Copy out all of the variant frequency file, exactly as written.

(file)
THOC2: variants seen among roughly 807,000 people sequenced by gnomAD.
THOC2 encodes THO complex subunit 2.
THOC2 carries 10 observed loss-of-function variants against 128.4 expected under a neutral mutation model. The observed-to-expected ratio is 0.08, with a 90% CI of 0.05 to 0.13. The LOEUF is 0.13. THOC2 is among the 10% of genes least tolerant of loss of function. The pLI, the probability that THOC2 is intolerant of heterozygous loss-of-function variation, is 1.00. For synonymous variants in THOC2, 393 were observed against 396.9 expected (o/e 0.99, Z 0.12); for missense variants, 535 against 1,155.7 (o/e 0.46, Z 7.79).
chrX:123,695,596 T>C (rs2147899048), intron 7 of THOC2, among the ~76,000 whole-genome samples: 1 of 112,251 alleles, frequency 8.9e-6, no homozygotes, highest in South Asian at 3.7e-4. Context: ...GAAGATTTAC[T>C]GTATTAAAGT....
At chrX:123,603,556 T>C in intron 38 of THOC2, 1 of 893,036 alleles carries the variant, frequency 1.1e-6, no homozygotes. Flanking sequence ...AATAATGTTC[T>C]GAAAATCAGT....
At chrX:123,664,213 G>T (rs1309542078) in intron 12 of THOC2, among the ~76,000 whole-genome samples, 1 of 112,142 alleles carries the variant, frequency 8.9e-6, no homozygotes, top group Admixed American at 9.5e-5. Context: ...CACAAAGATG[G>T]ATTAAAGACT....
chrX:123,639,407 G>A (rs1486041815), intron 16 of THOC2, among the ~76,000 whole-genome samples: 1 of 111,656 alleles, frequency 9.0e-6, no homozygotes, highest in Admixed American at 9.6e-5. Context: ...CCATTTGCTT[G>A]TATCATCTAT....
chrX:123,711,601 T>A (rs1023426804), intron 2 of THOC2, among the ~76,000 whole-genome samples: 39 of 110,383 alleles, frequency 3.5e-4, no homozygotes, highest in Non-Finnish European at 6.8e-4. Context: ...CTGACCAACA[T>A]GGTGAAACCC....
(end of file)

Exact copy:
THOC2: variants seen among roughly 807,000 people sequenced by gnomAD.
THOC2 encodes THO complex subunit 2.
THOC2 carries 10 observed loss-of-function variants against 128.4 expected under a neutral mutation model. The observed-to-expected ratio is 0.08, with a 90% CI of 0.05 to 0.13. The LOEUF is 0.13. THOC2 is among the 10% of genes least tolerant of loss of function. The pLI, the probability that THOC2 is intolerant of heterozygous loss-of-function variation, is 1.00. For synonymous variants in THOC2, 393 were observed against 396.9 expected (o/e 0.99, Z 0.12); for missense variants, 535 against 1,155.7 (o/e 0.46, Z 7.79).
chrX:123,695,596 T>C (rs2147899048), intron 7 of THOC2, among the ~76,000 whole-genome samples: 1 of 112,251 alleles, frequency 8.9e-6, no homozygotes, highest in South Asian at 3.7e-4. Context: ...GAAGATTTAC[T>C]GTATTAAAGT....
At chrX:123,603,556 T>C in intron 38 of THOC2, 1 of 893,036 alleles carries the variant, frequency 1.1e-6, no homozygotes. Flanking sequence ...AATAATGTTC[T>C]GAAAATCAGT....
At chrX:123,664,213 G>T (rs1309542078) in intron 12 of THOC2, among the ~76,000 whole-genome samples, 1 of 112,142 alleles carries the variant, frequency 8.9e-6, no homozygotes, top group Admixed American at 9.5e-5. Context: ...CACAAAGATG[G>T]ATTAAAGACT....
chrX:123,639,407 G>A (rs1486041815), intron 16 of THOC2, among the ~76,000 whole-genome samples: 1 of 111,656 alleles, frequency 9.0e-6, no homozygotes, highest in Admixed American at 9.6e-5. Context: ...CCATTTGCTT[G>A]TATCATCTAT....
chrX:123,711,601 T>A (rs1023426804), intron 2 of THOC2, among the ~76,000 whole-genome samples: 39 of 110,383 alleles, frequency 3.5e-4, no homozygotes, highest in Non-Finnish European at 6.8e-4. Context: ...CTGACCAACA[T>A]GGTGAAACCC....